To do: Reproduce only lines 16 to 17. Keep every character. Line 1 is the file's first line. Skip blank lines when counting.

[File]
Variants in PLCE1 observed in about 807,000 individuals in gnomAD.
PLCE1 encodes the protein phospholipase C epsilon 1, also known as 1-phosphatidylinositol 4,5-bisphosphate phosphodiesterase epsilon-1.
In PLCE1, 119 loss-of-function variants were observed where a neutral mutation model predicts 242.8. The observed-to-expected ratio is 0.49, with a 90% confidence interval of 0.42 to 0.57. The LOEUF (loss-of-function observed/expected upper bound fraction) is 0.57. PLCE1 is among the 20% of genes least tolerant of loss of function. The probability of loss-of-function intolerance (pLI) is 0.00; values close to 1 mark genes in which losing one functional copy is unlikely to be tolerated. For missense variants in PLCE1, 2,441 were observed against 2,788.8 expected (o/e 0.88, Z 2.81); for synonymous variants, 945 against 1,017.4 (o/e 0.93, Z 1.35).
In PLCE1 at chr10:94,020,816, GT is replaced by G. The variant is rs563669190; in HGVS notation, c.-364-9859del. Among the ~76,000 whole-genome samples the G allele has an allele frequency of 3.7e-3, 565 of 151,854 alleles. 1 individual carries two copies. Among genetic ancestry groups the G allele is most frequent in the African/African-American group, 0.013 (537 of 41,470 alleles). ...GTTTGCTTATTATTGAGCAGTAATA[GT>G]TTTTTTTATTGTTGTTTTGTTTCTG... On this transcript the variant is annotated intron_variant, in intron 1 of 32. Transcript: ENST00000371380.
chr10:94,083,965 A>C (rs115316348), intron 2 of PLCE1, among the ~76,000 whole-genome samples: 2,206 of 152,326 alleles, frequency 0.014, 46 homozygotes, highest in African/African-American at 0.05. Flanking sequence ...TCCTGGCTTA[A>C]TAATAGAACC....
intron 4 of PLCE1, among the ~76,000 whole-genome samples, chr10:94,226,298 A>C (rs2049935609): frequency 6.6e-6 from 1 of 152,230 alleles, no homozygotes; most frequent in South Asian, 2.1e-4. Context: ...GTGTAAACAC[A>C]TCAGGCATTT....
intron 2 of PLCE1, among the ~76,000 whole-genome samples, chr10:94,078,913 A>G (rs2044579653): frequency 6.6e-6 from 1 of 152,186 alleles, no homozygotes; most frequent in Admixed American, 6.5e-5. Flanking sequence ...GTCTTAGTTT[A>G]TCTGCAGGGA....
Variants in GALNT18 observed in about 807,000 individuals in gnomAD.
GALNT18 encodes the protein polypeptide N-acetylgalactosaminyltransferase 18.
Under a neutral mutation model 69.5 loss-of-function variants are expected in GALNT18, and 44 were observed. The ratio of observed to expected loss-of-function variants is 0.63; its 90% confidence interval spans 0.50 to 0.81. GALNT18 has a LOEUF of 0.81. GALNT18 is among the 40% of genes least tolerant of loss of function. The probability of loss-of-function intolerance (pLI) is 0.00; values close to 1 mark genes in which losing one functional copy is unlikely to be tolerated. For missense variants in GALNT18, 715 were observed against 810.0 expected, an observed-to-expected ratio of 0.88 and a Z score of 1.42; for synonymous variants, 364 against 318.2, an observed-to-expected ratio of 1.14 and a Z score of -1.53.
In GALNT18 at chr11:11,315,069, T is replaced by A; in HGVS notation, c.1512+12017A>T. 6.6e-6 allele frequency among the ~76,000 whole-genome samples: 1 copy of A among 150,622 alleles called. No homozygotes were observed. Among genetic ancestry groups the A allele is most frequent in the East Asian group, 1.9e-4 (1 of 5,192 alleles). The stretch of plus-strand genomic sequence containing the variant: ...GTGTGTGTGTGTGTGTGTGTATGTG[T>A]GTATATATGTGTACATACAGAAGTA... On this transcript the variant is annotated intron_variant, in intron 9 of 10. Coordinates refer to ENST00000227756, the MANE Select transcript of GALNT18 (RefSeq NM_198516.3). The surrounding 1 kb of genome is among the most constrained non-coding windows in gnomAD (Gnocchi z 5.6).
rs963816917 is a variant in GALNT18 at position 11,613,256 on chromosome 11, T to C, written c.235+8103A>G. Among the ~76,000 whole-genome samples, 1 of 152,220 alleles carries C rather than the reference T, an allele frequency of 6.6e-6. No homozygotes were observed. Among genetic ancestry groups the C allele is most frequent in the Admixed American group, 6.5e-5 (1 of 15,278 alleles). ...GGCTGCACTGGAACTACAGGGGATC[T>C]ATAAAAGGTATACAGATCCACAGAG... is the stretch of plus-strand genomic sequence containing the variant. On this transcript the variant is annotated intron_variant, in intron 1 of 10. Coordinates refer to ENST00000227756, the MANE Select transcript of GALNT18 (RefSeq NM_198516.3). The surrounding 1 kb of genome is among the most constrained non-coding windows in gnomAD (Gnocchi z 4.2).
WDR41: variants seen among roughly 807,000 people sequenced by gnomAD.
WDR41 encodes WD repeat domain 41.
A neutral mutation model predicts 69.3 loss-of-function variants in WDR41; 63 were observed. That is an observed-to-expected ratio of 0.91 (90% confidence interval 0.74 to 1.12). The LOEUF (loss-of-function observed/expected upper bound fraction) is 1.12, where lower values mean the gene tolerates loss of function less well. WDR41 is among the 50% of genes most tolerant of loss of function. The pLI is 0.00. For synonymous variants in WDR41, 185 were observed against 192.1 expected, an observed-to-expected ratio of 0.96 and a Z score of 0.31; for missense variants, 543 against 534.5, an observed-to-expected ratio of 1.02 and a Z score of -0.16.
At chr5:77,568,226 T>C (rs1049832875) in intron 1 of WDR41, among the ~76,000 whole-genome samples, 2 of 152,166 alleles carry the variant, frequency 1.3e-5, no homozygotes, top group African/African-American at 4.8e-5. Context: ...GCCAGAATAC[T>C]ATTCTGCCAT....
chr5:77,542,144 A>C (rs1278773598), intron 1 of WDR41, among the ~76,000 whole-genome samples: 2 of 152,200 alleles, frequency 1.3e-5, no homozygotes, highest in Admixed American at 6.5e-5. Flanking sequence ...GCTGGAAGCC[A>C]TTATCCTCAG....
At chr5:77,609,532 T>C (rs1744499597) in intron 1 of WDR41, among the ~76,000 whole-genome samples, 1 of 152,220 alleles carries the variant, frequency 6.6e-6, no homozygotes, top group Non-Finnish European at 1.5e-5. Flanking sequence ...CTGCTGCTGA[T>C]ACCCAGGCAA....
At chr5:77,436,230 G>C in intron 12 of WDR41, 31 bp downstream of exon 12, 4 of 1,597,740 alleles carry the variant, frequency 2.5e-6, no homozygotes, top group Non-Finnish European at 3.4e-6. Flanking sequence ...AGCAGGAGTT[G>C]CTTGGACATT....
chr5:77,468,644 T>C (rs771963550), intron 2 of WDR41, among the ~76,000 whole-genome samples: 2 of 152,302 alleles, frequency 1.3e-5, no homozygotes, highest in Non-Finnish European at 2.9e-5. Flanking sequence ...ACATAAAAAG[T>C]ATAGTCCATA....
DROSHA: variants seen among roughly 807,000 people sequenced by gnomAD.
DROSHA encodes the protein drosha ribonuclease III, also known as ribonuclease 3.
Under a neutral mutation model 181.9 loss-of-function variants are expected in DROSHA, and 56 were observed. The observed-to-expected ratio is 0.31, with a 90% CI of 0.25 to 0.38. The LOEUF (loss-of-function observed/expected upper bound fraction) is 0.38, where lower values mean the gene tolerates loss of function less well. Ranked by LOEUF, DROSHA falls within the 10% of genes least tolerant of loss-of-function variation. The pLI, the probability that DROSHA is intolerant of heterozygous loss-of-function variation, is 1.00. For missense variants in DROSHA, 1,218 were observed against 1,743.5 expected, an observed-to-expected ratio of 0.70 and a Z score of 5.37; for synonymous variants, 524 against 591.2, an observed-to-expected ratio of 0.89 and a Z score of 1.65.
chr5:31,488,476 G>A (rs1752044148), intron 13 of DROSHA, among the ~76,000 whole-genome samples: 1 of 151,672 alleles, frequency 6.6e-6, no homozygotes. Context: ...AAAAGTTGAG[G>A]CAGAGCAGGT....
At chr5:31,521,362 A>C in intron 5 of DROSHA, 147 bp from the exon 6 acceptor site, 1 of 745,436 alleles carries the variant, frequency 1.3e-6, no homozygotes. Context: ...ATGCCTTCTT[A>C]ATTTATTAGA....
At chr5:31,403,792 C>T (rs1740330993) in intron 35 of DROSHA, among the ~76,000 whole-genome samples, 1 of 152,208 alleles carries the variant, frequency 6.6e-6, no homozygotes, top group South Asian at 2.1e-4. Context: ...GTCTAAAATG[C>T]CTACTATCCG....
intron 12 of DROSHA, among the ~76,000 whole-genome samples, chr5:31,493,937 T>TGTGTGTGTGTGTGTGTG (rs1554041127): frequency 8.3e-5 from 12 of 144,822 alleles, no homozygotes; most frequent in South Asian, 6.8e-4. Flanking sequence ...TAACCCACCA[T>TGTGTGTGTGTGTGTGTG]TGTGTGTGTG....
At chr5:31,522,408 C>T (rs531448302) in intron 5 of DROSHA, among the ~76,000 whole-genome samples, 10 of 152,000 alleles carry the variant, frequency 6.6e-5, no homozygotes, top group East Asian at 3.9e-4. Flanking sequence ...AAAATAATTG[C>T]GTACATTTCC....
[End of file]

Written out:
At chr5:77,568,226 T>C (rs1049832875) in intron 1 of WDR41, among the ~76,000 whole-genome samples, 2 of 152,166 alleles carry the variant, frequency 1.3e-5, no homozygotes, top group African/African-American at 4.8e-5. Context: ...GCCAGAATAC[T>C]ATTCTGCCAT....
chr5:77,542,144 A>C (rs1278773598), intron 1 of WDR41, among the ~76,000 whole-genome samples: 2 of 152,200 alleles, frequency 1.3e-5, no homozygotes, highest in Admixed American at 6.5e-5. Flanking sequence ...GCTGGAAGCC[A>C]TTATCCTCAG....